063: Coping with BETRAYAL

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Welcome to Tuff Love with Rob Kandell. This episode is about betrayal, and about believing that a friend and business partner could turn their back. It’s also about all the feelings that arose around that situation for Rob. It’s been interesting and painful but the life lessons that have arisen for him have been truly amazing.

Surely everyone listening and reading this can connect with that feeling of betrayal because it happens to all of us in small and large doses. There are big betrayals that are obvious and flagrant, and then there are small, baby betrayals that go on all the time. And all of them hurt. There’s no other way to put it: it hurts. It’s also a feeling of powerlessness, which is almost as angst-ful and negative a feeling as the actual stimuli of the betrayal itself.

If you have betrayal in your life, if this is something that has been going on for you, know that it is part of the human condition. This show will hopefully give you some tips and tricks for how to work with it.

For the record, the betrayal Rob is speaking about today is not about his old company OneTaste. This is absolutely nothing about them, they have been great to him and he wants to acknowledge that. This episode has been inspired by an experience Rob had in starting a second company with a friend and his wife. Rob is careful about the details of what happened in that business experience because aside from the legal reasons of keeping the details private, the details aren’t actually that important. This show isn’t about what happened, it’s about how Rob responded to it.

We always have an opportunity to deal with stimuli. We have choice 99% of the time. We are not victim to our circumstance and that’s important to remember. There is a prior podcast episode of Tuff Love called ‘It’s not the circumstance, it’s you,’ which goes into more detail about this. The bottom line is that you do have the ability to control how you respond to circumstances.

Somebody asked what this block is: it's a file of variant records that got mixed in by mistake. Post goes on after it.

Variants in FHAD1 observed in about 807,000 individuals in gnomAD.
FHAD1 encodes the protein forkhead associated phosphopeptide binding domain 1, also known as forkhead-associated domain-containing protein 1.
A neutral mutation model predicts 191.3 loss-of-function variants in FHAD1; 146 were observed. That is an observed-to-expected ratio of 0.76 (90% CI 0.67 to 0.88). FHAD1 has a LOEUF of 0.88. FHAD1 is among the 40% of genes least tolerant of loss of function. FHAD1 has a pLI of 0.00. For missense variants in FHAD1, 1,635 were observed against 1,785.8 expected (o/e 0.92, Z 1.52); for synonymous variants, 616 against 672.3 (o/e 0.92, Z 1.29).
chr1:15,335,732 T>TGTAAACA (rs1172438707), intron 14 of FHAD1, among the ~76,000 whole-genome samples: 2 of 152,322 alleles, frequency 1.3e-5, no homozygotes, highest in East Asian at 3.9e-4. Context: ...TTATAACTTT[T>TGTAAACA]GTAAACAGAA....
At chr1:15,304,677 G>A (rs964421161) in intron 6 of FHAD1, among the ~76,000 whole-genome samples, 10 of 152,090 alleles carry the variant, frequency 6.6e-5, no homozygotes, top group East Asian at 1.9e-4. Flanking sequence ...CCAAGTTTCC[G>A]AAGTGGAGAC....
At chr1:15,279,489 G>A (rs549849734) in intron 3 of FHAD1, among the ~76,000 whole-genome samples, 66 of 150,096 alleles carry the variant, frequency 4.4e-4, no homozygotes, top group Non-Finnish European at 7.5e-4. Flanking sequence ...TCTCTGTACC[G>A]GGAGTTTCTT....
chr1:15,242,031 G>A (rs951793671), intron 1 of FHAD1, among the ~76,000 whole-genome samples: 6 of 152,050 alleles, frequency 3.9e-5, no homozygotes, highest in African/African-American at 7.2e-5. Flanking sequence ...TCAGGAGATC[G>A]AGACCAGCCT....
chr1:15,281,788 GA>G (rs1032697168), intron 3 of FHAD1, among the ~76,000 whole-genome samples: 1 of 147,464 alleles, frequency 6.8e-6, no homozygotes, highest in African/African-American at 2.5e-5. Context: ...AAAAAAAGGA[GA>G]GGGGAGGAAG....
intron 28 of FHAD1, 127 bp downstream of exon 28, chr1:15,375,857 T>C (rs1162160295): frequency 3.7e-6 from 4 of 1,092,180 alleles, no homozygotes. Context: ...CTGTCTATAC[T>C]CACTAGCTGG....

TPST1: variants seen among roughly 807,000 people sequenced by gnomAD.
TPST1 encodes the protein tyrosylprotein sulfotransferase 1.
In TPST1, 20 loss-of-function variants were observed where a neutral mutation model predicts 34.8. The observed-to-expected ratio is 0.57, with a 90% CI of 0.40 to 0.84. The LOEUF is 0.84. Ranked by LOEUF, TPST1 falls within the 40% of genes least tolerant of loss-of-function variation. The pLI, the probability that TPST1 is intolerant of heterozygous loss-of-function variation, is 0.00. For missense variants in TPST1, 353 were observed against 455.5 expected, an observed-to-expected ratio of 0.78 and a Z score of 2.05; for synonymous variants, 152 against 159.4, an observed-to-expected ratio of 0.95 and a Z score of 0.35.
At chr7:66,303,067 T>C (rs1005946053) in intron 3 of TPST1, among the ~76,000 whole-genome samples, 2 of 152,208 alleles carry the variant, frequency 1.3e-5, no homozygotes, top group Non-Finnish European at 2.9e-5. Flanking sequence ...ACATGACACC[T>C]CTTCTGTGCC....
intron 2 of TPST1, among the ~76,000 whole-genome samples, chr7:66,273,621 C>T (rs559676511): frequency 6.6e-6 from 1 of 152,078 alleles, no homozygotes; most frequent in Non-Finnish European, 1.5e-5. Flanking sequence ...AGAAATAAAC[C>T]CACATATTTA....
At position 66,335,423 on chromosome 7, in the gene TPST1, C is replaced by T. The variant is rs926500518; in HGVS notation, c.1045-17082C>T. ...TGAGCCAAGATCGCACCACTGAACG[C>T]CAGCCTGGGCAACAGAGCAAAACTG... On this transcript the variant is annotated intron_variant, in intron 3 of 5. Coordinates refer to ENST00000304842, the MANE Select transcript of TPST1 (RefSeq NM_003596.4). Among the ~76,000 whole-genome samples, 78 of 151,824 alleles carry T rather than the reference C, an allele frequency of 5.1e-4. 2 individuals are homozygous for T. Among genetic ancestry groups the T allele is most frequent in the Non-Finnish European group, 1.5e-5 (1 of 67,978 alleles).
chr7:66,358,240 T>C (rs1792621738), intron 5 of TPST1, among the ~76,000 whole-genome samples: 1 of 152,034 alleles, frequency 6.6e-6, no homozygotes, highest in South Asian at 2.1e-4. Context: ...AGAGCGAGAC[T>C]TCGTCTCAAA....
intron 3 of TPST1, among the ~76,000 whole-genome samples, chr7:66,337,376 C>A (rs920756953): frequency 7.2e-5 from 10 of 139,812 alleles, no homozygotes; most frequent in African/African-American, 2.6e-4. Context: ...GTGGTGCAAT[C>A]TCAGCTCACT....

The background of this situation for Rob is that this business came to a close at the end of 2016, and things between the business partners had been decided amicably into early 2017. However, all of a sudden there was a lawyer involved and those prior friends and business partners refused to speak to Rob. Everything had to go through the lawyer, and there is no more relationship of any kind with the former business partners. A big piece of betrayal is the feeling of, ‘how can this happen to me? I’ve given so much to them, how can they do this to me?’ The part that really stung for Rob was that he thought he was special and could get away from this issue. However, he’s just in the same boat as everyone else and from that, he feels betrayed.

So, stimuli occurred, betrayal hits. Then the question is, what to do with that feeling? This is Rob’s version of how to deal with betrayal:

  • When you feel that sense of betrayal, the first thing is to feel the extent of the feelings. This is the step a lot of people don’t take. They try to bypass and avoid the feelings, or numb the feelings with drinking or drugs or gambling.
  • Take inventory of how you co-created the situation. Look at where you were a-party to creating this situation. For Rob, he knew that these business partners had this ability to respond this way. He’d witnessed it before. It was his arrogance that had him think he was special and different. That’s part of how this occurred, because he didn’t do the groundwork with them.
  • Those first two steps might take a month. Don’t rush them!
  • Look at what the life lesson is that you need to learn from this situation. That’s the biggest thing Rob got from his recent therapy session, doing a process called EMDR. Rob realized he has integrity and purpose. And he also realized that up until now he’d been living in other people’s words, because he didn’t believe he could do it alone. However, through this betrayal, now Rob knows finally that he has both the character/integrity, and the words, to be in his purpose.
  • Every negative emotion you can have can be transmuted into a life lesson. Every experience you deem bad can be transmuted into growth.
  • Rob is going to use every single stimuli that happens to him in this lifetime to empower himself and better himself. His methodology is to feel it, see it, work it and use it to empower yourself.
  • Rob is reading a book called Give and Take by Adam Grant. The concept is that there are three types of people in the world: givers, matchers and takers. We all know people in all three types. In the scale of economics, the people who make the least amount of money are givers. But the people at the top of the scale are givers too. In the middle are the matchers and the takers.
  • The trick in life is to figure out which type of giver you are. Are you losing yourself in the giving? Or are you the giver at the top, being smart and mindful, cautious and aware? Rob is the happiest when he’s giving, but he’s miserable when he’s giving without consciousness. So that’s the lesson in this situation for him.